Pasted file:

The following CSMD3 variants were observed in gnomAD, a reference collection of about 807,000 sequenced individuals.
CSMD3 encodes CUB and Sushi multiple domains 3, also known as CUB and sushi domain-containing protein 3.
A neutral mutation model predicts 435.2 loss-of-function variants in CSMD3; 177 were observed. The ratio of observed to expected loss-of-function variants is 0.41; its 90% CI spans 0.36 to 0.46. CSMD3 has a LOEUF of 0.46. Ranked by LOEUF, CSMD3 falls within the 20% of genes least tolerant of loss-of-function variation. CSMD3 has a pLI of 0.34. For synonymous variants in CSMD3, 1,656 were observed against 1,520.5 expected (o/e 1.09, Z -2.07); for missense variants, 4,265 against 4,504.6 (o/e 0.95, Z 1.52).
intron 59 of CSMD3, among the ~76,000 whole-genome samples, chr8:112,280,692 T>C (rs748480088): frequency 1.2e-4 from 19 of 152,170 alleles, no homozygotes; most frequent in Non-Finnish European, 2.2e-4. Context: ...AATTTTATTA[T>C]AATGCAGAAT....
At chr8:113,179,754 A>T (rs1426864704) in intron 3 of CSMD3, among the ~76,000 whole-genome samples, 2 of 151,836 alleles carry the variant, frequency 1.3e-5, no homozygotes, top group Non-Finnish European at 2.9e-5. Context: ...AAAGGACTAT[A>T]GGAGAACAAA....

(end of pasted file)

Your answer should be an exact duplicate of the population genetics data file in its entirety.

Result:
The following CSMD3 variants were observed in gnomAD, a reference collection of about 807,000 sequenced individuals.
CSMD3 encodes CUB and Sushi multiple domains 3, also known as CUB and sushi domain-containing protein 3.
A neutral mutation model predicts 435.2 loss-of-function variants in CSMD3; 177 were observed. The ratio of observed to expected loss-of-function variants is 0.41; its 90% CI spans 0.36 to 0.46. CSMD3 has a LOEUF of 0.46. Ranked by LOEUF, CSMD3 falls within the 20% of genes least tolerant of loss-of-function variation. CSMD3 has a pLI of 0.34. For synonymous variants in CSMD3, 1,656 were observed against 1,520.5 expected (o/e 1.09, Z -2.07); for missense variants, 4,265 against 4,504.6 (o/e 0.95, Z 1.52).
intron 59 of CSMD3, among the ~76,000 whole-genome samples, chr8:112,280,692 T>C (rs748480088): frequency 1.2e-4 from 19 of 152,170 alleles, no homozygotes; most frequent in Non-Finnish European, 2.2e-4. Context: ...AATTTTATTA[T>C]AATGCAGAAT....
At chr8:113,179,754 A>T (rs1426864704) in intron 3 of CSMD3, among the ~76,000 whole-genome samples, 2 of 151,836 alleles carry the variant, frequency 1.3e-5, no homozygotes, top group Non-Finnish European at 2.9e-5. Context: ...AAAGGACTAT[A>T]GGAGAACAAA....